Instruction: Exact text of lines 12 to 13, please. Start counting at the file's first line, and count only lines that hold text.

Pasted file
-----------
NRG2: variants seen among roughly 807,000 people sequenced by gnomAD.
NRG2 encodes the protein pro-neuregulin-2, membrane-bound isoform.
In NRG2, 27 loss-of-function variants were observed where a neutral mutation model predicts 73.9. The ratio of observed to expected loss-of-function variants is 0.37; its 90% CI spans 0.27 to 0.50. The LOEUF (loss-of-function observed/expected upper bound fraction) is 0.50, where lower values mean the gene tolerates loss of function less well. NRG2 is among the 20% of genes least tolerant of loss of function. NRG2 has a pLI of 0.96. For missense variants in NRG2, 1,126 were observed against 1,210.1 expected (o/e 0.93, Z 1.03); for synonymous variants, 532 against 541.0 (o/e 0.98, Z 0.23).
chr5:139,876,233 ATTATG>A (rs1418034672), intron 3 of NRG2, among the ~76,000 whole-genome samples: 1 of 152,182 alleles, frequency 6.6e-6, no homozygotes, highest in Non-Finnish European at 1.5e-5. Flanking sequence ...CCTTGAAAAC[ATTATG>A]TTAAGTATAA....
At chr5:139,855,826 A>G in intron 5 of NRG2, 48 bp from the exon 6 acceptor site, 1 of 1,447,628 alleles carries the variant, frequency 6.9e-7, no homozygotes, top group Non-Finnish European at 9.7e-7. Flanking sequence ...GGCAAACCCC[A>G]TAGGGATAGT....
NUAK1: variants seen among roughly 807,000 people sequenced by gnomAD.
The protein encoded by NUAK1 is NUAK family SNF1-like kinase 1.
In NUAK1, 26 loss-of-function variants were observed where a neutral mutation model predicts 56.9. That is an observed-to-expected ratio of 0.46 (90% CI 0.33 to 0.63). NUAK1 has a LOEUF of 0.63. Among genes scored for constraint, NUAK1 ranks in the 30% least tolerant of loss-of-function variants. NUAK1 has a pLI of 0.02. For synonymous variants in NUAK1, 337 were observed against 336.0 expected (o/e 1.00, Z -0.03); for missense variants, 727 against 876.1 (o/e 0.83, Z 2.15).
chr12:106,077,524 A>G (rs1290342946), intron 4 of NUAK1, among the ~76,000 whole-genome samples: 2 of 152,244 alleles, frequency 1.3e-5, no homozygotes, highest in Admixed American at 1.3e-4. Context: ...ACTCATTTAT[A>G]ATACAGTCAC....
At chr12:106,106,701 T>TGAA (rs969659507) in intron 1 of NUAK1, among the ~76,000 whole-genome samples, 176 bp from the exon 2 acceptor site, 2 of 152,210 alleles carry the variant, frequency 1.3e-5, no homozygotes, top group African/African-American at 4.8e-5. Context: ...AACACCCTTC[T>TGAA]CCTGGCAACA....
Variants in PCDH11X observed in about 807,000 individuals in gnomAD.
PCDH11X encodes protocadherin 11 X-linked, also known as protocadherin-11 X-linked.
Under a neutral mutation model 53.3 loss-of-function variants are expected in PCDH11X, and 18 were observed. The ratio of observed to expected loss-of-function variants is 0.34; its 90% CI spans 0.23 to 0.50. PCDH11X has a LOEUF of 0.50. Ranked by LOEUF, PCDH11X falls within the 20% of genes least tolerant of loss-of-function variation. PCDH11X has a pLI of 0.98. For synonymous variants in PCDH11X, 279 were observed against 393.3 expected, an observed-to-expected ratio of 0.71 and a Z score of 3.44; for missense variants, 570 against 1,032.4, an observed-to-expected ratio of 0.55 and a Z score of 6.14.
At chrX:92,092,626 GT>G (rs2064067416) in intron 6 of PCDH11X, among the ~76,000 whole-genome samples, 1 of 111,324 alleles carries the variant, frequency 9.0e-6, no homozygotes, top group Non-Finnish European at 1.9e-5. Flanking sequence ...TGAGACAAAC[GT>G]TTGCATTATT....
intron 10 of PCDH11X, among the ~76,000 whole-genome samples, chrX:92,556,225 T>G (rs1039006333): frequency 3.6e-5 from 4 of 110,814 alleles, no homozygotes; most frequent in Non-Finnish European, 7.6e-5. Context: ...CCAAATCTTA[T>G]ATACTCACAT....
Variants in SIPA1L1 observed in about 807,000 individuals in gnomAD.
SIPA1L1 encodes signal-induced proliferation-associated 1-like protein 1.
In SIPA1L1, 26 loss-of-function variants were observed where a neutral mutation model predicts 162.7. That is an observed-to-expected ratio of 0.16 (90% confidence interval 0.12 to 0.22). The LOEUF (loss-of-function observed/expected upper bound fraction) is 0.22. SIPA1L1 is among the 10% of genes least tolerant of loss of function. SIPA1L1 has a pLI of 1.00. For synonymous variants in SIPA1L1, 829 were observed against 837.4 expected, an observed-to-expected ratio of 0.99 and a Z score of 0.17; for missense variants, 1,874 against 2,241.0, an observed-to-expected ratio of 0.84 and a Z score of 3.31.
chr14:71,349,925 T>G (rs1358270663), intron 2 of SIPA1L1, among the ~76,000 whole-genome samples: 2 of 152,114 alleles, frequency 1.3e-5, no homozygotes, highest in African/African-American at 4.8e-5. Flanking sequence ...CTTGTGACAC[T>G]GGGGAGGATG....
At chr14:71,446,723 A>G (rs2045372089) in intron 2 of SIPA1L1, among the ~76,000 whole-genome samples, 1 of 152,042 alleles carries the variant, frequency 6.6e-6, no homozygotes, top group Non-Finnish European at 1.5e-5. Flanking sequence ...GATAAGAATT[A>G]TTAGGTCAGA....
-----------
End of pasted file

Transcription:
PCDH11X encodes protocadherin 11 X-linked, also known as protocadherin-11 X-linked.
Under a neutral mutation model 53.3 loss-of-function variants are expected in PCDH11X, and 18 were observed. The ratio of observed to expected loss-of-function variants is 0.34; its 90% CI spans 0.23 to 0.50. PCDH11X has a LOEUF of 0.50. Ranked by LOEUF, PCDH11X falls within the 20% of genes least tolerant of loss-of-function variation. PCDH11X has a pLI of 0.98. For synonymous variants in PCDH11X, 279 were observed against 393.3 expected, an observed-to-expected ratio of 0.71 and a Z score of 3.44; for missense variants, 570 against 1,032.4, an observed-to-expected ratio of 0.55 and a Z score of 6.14.